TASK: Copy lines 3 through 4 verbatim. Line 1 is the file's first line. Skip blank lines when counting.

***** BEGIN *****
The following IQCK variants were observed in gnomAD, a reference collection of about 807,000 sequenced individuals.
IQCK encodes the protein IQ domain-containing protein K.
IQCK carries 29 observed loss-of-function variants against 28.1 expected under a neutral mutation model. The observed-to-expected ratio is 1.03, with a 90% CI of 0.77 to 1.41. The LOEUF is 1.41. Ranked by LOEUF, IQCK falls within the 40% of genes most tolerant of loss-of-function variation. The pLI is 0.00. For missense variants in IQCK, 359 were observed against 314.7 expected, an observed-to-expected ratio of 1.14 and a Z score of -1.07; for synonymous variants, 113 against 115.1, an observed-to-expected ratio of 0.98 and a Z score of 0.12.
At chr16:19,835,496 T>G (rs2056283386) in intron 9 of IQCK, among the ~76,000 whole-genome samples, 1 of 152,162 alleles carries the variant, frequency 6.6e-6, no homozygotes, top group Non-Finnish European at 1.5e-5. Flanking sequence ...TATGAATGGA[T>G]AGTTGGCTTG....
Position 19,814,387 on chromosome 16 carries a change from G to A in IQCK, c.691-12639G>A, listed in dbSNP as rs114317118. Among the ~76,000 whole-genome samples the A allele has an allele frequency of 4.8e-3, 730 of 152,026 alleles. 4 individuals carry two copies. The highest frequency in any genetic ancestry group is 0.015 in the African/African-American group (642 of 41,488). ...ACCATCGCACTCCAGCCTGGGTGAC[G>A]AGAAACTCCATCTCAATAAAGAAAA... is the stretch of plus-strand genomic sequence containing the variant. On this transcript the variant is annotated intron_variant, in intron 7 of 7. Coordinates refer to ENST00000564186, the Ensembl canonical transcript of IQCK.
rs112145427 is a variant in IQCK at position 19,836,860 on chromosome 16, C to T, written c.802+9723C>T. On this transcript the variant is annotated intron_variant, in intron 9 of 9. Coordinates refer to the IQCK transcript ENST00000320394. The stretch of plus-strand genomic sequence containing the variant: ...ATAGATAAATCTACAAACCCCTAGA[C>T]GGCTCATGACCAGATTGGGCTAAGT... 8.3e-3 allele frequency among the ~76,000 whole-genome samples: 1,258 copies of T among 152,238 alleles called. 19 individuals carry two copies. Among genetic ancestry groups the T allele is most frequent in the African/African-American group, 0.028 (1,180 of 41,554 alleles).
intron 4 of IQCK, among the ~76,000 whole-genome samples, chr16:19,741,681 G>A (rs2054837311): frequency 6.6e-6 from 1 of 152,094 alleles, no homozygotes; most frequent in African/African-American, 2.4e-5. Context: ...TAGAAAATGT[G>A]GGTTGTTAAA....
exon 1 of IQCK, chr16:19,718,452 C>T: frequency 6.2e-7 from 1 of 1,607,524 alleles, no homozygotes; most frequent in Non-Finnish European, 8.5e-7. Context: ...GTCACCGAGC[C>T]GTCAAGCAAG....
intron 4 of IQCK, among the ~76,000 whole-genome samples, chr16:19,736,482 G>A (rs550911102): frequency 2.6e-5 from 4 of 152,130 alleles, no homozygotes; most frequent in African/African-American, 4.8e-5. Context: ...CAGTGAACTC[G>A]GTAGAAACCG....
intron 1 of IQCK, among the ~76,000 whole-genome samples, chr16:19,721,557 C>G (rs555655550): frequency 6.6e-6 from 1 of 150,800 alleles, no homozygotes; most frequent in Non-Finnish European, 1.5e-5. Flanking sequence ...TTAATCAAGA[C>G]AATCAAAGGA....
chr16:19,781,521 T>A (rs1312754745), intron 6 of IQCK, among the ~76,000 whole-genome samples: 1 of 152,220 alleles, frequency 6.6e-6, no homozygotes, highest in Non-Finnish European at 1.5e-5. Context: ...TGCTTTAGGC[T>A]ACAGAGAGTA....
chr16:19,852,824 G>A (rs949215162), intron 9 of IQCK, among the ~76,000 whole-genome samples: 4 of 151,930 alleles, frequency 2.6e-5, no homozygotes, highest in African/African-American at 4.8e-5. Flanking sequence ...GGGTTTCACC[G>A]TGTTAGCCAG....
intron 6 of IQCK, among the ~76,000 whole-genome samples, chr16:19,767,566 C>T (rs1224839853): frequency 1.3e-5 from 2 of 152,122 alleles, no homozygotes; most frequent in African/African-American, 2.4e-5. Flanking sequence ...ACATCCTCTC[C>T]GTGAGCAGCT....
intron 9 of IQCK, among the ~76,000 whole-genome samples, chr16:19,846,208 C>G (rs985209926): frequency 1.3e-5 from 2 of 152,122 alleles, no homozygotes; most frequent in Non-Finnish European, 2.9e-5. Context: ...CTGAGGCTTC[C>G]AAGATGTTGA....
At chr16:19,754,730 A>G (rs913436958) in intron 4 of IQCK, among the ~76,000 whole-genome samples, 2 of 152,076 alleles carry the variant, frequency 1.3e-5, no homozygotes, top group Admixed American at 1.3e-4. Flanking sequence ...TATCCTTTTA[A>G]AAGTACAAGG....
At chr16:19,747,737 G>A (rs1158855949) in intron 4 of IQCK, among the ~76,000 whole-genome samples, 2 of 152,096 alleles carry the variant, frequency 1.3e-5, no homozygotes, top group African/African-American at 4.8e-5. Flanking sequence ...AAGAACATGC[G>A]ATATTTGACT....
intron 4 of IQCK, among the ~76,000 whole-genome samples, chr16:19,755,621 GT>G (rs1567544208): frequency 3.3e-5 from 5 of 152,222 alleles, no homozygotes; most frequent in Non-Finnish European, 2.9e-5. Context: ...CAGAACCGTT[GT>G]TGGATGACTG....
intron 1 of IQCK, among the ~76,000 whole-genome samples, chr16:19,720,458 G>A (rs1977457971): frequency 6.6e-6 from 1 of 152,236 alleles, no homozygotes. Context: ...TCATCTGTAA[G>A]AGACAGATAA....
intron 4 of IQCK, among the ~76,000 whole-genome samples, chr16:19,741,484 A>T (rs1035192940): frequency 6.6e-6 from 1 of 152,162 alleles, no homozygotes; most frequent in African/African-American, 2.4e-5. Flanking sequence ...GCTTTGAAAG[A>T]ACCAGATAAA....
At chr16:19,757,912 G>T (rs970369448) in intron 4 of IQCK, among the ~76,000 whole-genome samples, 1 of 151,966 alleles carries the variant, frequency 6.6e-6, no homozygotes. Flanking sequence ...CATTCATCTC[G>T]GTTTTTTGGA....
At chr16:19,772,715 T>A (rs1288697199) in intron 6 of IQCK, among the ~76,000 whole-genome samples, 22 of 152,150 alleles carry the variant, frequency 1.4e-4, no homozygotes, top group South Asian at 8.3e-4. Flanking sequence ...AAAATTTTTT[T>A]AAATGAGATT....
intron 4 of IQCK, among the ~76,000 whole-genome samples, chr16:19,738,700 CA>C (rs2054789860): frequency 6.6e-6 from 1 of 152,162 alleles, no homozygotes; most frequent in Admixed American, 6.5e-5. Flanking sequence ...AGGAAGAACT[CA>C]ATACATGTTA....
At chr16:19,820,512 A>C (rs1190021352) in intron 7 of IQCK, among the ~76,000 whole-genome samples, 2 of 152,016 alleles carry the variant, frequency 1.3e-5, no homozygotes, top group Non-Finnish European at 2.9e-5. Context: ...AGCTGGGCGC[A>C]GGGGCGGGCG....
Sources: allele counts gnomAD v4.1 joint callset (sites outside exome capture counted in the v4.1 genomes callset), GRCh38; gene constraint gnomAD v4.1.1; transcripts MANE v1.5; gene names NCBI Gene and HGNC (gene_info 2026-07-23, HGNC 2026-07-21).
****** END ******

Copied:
IQCK carries 29 observed loss-of-function variants against 28.1 expected under a neutral mutation model. The observed-to-expected ratio is 1.03, with a 90% CI of 0.77 to 1.41. The LOEUF is 1.41. Ranked by LOEUF, IQCK falls within the 40% of genes most tolerant of loss-of-function variation. The pLI is 0.00. For missense variants in IQCK, 359 were observed against 314.7 expected, an observed-to-expected ratio of 1.14 and a Z score of -1.07; for synonymous variants, 113 against 115.1, an observed-to-expected ratio of 0.98 and a Z score of 0.12.
At chr16:19,835,496 T>G (rs2056283386) in intron 9 of IQCK, among the ~76,000 whole-genome samples, 1 of 152,162 alleles carries the variant, frequency 6.6e-6, no homozygotes, top group Non-Finnish European at 1.5e-5. Flanking sequence ...TATGAATGGA[T>G]AGTTGGCTTG....